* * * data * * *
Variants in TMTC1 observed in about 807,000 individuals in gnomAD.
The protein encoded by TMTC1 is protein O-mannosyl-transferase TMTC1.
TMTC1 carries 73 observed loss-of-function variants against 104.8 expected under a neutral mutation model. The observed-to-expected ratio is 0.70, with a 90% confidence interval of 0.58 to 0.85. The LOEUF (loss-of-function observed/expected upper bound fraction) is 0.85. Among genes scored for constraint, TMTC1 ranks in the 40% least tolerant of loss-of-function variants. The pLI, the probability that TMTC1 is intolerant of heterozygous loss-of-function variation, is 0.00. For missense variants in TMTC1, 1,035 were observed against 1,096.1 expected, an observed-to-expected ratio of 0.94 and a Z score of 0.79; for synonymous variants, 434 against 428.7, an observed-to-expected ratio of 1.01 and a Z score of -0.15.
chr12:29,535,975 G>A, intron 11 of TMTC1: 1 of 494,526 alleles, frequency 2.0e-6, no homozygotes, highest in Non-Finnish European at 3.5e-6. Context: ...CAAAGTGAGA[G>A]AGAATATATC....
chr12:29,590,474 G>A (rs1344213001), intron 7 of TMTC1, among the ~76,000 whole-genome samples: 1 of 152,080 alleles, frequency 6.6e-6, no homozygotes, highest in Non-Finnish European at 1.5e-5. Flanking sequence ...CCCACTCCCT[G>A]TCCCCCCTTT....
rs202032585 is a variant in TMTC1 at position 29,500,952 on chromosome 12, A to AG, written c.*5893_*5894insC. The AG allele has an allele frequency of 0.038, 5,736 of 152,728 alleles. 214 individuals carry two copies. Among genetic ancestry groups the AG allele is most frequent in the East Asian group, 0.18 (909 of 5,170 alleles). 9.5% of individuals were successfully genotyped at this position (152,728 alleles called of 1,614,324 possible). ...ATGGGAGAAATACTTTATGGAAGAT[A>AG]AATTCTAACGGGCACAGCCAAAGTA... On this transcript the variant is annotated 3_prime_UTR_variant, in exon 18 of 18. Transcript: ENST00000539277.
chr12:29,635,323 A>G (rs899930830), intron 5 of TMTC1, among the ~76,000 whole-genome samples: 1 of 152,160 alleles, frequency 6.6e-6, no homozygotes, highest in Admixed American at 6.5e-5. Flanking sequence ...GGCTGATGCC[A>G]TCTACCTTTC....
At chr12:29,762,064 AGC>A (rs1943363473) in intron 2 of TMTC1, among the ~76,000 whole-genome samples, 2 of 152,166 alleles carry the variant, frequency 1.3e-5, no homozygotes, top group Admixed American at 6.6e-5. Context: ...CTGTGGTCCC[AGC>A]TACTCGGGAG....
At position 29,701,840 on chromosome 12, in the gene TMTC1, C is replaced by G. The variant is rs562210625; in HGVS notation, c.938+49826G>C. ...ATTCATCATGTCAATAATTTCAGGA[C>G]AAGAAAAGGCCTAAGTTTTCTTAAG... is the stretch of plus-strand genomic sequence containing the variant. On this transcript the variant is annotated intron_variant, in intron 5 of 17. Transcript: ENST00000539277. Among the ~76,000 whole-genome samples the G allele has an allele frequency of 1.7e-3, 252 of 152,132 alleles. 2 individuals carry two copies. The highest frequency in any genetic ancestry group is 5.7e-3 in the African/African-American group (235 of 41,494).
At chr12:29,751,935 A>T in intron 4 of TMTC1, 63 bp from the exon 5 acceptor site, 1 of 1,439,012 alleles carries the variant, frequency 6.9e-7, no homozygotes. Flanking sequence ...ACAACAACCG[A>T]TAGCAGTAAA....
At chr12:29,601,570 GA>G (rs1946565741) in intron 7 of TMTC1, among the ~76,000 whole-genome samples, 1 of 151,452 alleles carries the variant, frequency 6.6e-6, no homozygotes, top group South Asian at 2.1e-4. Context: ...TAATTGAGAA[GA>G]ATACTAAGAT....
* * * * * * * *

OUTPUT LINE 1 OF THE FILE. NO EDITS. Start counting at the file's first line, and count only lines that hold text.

Variants in TMTC1 observed in about 807,000 individuals in gnomAD.